Deutsche Gesellschaft für Technische Zusammenarbeit (GTZ) GmbH
GTZ is a federal enterprise based in Eschborn near Frankfurt am Main. It was founded in 1975 as a company under private law. The German Federal Ministry for Economic Cooperation and Development (BMZ) is its major client. The company also operates on behalf of other German ministries, the governments of other countries and international clients, such as the European Commission, the United Nations and the World Bank, as well as on behalf of private enterprises. GTZ works on a public-benefit basis. All surpluses generated are channeled back into its own international cooperation projects for sustainable development.
GTZ and CSR
The issue of corporate social responsibility (CSR)– once a special field for business ethicists – is today on the agendas of businesses, ministries and international organisations. The adoption of social and ecological responsibility is increasingly recognised as the foundation for sustainable corporate management: that is, CSR not as charity but as a strategic competitive advantage.
The central argument for CSR is, in addition to ethical considerations, the "business argument" – raising corporate economic performance levels through socially and ecologically sustainable corporate policy.
There are many advantages: proactive risk prevention, investment in the future, and a good reputation with employees, customers, investors, policy-makers and the public. In addition, CSR strategies are often accompanied by increases in quality and productivity.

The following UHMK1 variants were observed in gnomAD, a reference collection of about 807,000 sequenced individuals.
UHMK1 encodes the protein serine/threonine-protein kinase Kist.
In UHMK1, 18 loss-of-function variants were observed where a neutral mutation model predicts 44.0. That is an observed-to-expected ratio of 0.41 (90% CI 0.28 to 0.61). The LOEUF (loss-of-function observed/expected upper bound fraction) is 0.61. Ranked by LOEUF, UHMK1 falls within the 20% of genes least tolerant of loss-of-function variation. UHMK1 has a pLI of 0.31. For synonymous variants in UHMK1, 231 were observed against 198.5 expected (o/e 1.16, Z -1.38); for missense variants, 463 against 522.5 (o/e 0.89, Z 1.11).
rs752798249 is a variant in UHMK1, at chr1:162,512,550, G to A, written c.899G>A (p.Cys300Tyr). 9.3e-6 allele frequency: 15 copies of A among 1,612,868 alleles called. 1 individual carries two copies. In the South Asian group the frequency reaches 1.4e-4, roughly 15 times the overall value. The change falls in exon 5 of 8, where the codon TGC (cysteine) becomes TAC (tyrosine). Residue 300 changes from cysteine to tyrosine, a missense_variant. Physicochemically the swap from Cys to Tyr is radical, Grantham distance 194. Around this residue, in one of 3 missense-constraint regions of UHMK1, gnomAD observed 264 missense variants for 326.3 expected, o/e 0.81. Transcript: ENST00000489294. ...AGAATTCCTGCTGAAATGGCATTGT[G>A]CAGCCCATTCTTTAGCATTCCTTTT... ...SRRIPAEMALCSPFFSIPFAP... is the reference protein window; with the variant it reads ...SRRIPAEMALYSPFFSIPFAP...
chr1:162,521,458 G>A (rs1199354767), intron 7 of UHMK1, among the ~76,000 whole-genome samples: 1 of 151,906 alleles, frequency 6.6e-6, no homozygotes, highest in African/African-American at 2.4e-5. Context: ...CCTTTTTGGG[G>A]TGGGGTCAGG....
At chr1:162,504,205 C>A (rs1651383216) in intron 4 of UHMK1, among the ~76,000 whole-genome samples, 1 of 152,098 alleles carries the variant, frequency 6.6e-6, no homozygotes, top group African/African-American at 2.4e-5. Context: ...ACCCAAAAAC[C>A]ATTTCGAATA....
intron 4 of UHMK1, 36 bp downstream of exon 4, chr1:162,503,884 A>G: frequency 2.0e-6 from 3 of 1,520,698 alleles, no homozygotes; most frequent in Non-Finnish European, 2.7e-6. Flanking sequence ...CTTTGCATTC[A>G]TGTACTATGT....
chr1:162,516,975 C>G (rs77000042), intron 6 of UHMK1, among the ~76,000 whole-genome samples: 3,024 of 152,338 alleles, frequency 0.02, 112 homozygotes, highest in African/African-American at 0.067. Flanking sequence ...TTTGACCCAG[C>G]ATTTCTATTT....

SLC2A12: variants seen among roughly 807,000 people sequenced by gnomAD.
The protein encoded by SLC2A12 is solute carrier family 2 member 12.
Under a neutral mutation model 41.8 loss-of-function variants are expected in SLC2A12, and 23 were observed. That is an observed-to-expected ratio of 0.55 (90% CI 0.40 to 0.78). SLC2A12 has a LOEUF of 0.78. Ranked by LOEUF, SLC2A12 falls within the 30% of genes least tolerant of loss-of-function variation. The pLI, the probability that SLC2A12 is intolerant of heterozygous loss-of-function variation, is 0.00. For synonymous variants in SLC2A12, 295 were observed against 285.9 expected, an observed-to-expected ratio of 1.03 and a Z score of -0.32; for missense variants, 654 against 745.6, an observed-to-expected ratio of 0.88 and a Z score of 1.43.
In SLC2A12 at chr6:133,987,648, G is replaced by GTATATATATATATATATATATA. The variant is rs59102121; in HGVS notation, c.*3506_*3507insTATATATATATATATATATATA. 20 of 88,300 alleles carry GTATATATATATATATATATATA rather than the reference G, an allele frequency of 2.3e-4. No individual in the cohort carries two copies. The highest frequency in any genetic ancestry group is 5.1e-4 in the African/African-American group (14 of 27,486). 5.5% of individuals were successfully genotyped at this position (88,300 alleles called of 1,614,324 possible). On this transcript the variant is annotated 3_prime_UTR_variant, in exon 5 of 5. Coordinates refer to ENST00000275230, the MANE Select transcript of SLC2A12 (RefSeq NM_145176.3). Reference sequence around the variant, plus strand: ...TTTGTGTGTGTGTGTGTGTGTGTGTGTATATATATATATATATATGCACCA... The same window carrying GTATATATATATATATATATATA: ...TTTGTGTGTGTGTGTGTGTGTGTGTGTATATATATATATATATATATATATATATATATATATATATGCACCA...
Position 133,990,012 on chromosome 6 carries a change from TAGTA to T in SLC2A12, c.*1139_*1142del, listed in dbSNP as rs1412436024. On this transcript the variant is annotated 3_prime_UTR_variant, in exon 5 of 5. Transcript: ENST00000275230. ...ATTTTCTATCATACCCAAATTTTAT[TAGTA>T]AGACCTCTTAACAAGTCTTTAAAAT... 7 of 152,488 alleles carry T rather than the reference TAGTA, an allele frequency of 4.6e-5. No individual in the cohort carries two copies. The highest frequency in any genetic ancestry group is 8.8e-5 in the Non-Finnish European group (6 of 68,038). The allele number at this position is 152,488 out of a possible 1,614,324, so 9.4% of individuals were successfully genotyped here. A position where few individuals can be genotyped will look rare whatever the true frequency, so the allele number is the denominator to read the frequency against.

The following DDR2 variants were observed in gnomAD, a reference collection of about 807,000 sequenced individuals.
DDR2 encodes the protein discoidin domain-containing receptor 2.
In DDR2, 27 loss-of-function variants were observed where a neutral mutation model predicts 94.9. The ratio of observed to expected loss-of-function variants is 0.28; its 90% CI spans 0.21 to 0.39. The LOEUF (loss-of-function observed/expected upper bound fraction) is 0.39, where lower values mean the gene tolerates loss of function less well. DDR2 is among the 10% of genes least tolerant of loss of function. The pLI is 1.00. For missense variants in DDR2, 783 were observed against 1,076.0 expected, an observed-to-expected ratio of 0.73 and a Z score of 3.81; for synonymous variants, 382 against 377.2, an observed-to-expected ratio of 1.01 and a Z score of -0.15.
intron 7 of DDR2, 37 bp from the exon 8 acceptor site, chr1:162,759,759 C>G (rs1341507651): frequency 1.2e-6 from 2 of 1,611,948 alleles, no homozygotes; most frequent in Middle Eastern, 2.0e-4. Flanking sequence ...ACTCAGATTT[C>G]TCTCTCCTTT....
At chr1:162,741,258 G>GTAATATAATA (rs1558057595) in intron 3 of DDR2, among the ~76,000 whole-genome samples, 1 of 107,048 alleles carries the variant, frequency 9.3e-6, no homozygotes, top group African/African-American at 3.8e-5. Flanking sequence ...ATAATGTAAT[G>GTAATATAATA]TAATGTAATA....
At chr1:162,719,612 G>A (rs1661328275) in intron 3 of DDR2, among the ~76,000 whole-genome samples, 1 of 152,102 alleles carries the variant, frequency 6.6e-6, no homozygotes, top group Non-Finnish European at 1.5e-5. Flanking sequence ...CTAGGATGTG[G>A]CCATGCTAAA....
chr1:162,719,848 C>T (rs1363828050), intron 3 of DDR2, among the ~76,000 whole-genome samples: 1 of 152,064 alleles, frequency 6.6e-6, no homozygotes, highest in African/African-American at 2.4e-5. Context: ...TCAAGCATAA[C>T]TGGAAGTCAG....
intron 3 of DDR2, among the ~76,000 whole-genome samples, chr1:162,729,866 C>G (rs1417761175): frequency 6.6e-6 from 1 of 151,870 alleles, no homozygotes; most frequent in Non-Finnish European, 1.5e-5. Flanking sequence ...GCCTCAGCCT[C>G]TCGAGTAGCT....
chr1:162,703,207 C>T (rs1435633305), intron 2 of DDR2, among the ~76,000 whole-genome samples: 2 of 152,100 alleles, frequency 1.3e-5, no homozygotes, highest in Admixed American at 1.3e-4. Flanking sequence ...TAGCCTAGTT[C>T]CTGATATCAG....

For GTZ, CSR is an important issue, because the spectrum of responsible and sustainable corporate policy includes a number of areas relevant to development policy:
- guarantees of human rights
- the introduction of social standards
- prevention of HIV/AIDS
- supplier certification
- safety at work
- consumer protection
- climate protection
- caring for the environment and
- the sustainable management of natural resources
GTZ and Gender
GTZ and BMZ are co-funding a project to improve the coverage of gender issues in sustainability reporting by building dialogue around the issue and identifying ways to improve its coverage in the GRI Sustainability Reporting Framework. This dialogue will take place during a number of multi-stakeholder consultative workshops.
The project, which is jointly implemented by IFC and GRI with additional funding from the Icelandic and Swiss governments, initiates a process that will - as part of a wider project - lead to the development of a Gender Resource Document, which will support future expert groups working on the refinement of GRI performance indicators for the next generation of Guidelines and development of Sector Supplements.